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Senior Correspondent

A Tale of Two Cities

A Tale of Two Cities

Mitchell Silver stands outside Raleigh’s Market Hall

There are two Raleighs in North Carolina, the city that is and the one that it is becoming.

One is a smaller city defined by leafy neighborhoods, affordable housing and reliance on cars. The other is a growing metropolis with an urban core ringed by islands of high-density development, all knit together by rapid transit.

The route from the first Raleigh to the second passes through the mind of Mitchell J. Silver. As Raleigh’s planning director from 2005 to 2014, Silver outlined what one of the nation’s fastest-growing cities could grow into without losing its character and balance.

Or, as the late Raleigh City Councilman Thomas Crowder once put it, the North Carolina capital could become “a first-rate Raleigh, or a second-rate Atlanta.”

That choice was not Raleigh’s alone. It is a choice facing many small and mid-sized cities in the South and West as population growth pushes into warmer and more affordable urban locations. The trick is to develop the amenities and appeal of a larger city while avoiding the ugliness and congestion of sprawl.

The proper handling of growth is not as simple as zoning that steers development, Silver says. A good plan also has to limit the uprooting of current residents as new growth is concentrated and land values rise.

The essential element in balancing the interests of current and arriving residents, Silver says, is dense development.

“If you have a neighborhood with 200 residents and you build 800 units, you have room for everyone to stay,” he says.

Powerful shifts in urban land use and the effects on displaced residents is not merely a professional interest for Silver. He is one of only about 5 percent of urban planners who are African American, and he knows personally the dynamics of urban decay and resurgence. He grew up in Brooklyn and saw its decline in the 1970s and its recent resurgence into a place where, he says, he couldn't afford to buy a home.

Yet Silver, 55, doesn’t regret the changes to his former corner of New York. He welcomes the improvement.

“People use gentrification too liberally,” he says. “It is revitalization and revitalization has tradeoffs. The alternative is to leave the neighborhood in bad condition.”

Silver came to Raleigh after working as a planner in New York City and Washington, D.C. He left in 2014 to become parks commissioner of his native New York City. There, he’s advancing Mayor Bill De Blasio’s goal of greater equity by upgrading scores of neglected parks in low-income areas. But he keeps a close eye on the comprehensive plan he left behind. It will guide Raleigh’s transition into a far more densely populated city.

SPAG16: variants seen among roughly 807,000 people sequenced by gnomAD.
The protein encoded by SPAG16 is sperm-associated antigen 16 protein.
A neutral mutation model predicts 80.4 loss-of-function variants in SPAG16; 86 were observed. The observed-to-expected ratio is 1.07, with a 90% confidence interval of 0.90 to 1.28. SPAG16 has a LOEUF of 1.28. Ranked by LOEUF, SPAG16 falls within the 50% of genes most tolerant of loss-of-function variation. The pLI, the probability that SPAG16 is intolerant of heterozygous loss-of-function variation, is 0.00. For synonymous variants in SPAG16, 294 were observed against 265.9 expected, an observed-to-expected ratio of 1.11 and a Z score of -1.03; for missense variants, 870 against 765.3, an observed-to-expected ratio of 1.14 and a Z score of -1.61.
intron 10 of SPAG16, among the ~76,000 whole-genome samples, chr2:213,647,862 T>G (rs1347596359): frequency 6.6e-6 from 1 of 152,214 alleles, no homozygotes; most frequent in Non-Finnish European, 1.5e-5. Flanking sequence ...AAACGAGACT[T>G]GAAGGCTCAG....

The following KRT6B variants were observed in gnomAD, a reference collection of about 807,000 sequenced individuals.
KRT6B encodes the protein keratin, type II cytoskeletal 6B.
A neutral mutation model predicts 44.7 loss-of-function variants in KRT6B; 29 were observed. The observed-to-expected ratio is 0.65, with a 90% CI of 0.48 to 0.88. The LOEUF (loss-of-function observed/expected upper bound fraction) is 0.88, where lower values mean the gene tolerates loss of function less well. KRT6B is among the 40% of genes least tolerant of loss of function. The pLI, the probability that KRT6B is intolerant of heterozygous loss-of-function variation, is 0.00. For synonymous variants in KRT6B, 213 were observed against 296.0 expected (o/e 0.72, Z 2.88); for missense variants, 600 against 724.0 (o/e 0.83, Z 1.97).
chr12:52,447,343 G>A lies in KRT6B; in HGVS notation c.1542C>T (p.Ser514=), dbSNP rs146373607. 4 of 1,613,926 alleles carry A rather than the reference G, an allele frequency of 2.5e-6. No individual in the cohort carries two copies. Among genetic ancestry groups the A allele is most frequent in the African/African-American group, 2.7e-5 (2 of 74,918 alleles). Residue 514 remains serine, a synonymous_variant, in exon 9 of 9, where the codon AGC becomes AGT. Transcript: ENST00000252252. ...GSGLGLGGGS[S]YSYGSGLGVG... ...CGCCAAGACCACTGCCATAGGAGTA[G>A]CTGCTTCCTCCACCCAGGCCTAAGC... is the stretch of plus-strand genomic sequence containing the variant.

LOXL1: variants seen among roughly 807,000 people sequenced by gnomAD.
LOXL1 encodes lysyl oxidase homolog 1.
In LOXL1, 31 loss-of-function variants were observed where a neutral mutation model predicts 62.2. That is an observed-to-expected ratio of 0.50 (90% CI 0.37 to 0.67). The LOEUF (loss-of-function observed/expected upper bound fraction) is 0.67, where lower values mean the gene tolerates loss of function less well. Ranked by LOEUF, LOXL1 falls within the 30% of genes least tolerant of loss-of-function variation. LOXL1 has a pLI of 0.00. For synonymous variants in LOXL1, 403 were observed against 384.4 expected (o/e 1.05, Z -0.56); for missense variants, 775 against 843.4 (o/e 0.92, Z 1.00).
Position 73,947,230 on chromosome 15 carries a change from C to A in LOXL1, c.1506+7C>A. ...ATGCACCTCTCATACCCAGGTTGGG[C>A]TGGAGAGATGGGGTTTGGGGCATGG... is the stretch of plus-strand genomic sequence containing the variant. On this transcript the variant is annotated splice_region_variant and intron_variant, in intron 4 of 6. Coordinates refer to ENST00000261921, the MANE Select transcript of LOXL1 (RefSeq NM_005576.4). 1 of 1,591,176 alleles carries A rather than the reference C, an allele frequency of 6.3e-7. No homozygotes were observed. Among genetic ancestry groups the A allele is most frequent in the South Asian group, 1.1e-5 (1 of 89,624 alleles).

Raleigh’s population has soared from 276,093 in 2000 to 439,896 today, and its geographic footprint has expanded through annexation. But the city is reaching the limits of expansion, and there is a need to accommodate the continuing growth in population. By 2030, Raleigh’s population is projected to be 71 percent higher than it was 2010 – a rate that ties it with Charlotte as the fastest growing among larger U.S. cities.

The plan Silver and his staff settled on was to sharply increase density in eight “growth centers” connected by roads and transit that would serve as ”growth corridors.” The plan has drawn praise from planners around the nation and its early results have given Silver, a past president of the American Planning Association, deep professional satisfaction.

“It’s something I’m proud of and it has worked,” says Silver, who visited Raleigh in September for a conference on innovation. “Sixty percent of the growth has happened within growth centers exactly as planned.”

Silver is nervous about political pressures limiting the full implementation of the plan. He says residents in some areas will have to accept more apartments and taller buildings to absorb that influx.

“Where you say no to higher density, it’s going to pop up in other places, and you get sprawl,” he says. “It’s not like [growth] is going to stop.”

In Raleigh, Silver needed to design more than a graceful way to grow. He also had to devise a plan that would not displace established residents, especially those in the mostly African-American area of Southeast Raleigh, where the closeness to downtown offices and entertainment made it ripe for new development.

Silver says more density is the way to avoid displacement. Much of Southeast Raleigh is single-family homes. More multi-family housing will create room for new people and room for longtime residents to stay.

Dan Coleman, a land use consultant who heads a citizens group in Southeast Raleigh, says Silver’s solution is being resisted by residents who want to keep their homes or be provided affordable new homes rather than apartments, town homes or condominiums.

Coleman says Silver tried to persuade residents on the value of density without success.

“He just ran up against a brick wall,” Coleman says.

Silver says eventually the resisters will see the wisdom of changing a neighborhood in order to stay in it.

“You have to manage those [growth] trends, and a key issue is displacement,” he says. “You do that through density. Provide an opportunity for people to stay if they want, but make room for people to come in.”

One of those coming will be Mitchell J. Silver. He still has family in Raleigh and plans to retire here.

“I have a very special place in my heart for Raleigh,” he says. “It’s a great place to live.”

With luck, and his plan, it will stay that way.

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